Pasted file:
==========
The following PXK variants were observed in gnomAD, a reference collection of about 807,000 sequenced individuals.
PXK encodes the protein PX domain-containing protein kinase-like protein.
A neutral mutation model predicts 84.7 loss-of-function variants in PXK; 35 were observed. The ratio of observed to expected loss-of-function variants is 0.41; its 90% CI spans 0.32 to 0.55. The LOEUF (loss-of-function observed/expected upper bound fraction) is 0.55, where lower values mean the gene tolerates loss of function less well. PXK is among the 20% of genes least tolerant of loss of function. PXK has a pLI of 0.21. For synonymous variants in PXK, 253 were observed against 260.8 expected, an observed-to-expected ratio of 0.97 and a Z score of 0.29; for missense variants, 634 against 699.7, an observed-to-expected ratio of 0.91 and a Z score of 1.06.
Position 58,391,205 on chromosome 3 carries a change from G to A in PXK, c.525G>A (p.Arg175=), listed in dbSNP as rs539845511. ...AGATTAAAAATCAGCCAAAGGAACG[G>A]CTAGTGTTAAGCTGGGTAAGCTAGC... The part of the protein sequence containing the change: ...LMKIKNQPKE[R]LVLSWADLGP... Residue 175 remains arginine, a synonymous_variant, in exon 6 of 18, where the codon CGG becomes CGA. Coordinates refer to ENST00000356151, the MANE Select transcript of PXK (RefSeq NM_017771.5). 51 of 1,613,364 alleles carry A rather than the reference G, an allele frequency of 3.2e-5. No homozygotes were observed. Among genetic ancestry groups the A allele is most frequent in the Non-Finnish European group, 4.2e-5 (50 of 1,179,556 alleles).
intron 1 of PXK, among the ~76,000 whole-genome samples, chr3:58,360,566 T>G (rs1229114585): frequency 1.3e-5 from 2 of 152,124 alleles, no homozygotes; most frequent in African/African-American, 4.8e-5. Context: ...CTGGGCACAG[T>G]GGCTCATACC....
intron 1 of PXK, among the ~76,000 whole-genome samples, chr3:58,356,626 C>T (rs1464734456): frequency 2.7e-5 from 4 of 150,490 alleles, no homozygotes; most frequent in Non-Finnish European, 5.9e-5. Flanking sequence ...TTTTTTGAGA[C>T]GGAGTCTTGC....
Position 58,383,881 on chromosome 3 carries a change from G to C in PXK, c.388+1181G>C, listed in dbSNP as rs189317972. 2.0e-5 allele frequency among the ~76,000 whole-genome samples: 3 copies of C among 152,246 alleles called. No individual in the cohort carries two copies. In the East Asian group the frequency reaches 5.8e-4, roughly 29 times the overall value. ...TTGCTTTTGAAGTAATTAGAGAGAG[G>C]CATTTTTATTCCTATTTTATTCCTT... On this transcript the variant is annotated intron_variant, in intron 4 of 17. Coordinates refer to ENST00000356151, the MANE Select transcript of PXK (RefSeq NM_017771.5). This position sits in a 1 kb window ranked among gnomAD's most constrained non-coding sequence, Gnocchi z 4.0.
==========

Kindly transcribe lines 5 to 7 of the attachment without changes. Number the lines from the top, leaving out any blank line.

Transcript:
intron 1 of PXK, among the ~76,000 whole-genome samples, chr3:58,360,566 T>G (rs1229114585): frequency 1.3e-5 from 2 of 152,124 alleles, no homozygotes; most frequent in African/African-American, 4.8e-5. Context: ...CTGGGCACAG[T>G]GGCTCATACC....
intron 1 of PXK, among the ~76,000 whole-genome samples, chr3:58,356,626 C>T (rs1464734456): frequency 2.7e-5 from 4 of 150,490 alleles, no homozygotes; most frequent in Non-Finnish European, 5.9e-5. Flanking sequence ...TTTTTTGAGA[C>T]GGAGTCTTGC....
Position 58,383,881 on chromosome 3 carries a change from G to C in PXK, c.388+1181G>C, listed in dbSNP as rs189317972. 2.0e-5 allele frequency among the ~76,000 whole-genome samples: 3 copies of C among 152,246 alleles called. No individual in the cohort carries two copies. In the East Asian group the frequency reaches 5.8e-4, roughly 29 times the overall value. ...TTGCTTTTGAAGTAATTAGAGAGAG[G>C]CATTTTTATTCCTATTTTATTCCTT... On this transcript the variant is annotated intron_variant, in intron 4 of 17. Coordinates refer to ENST00000356151, the MANE Select transcript of PXK (RefSeq NM_017771.5). This position sits in a 1 kb window ranked among gnomAD's most constrained non-coding sequence, Gnocchi z 4.0.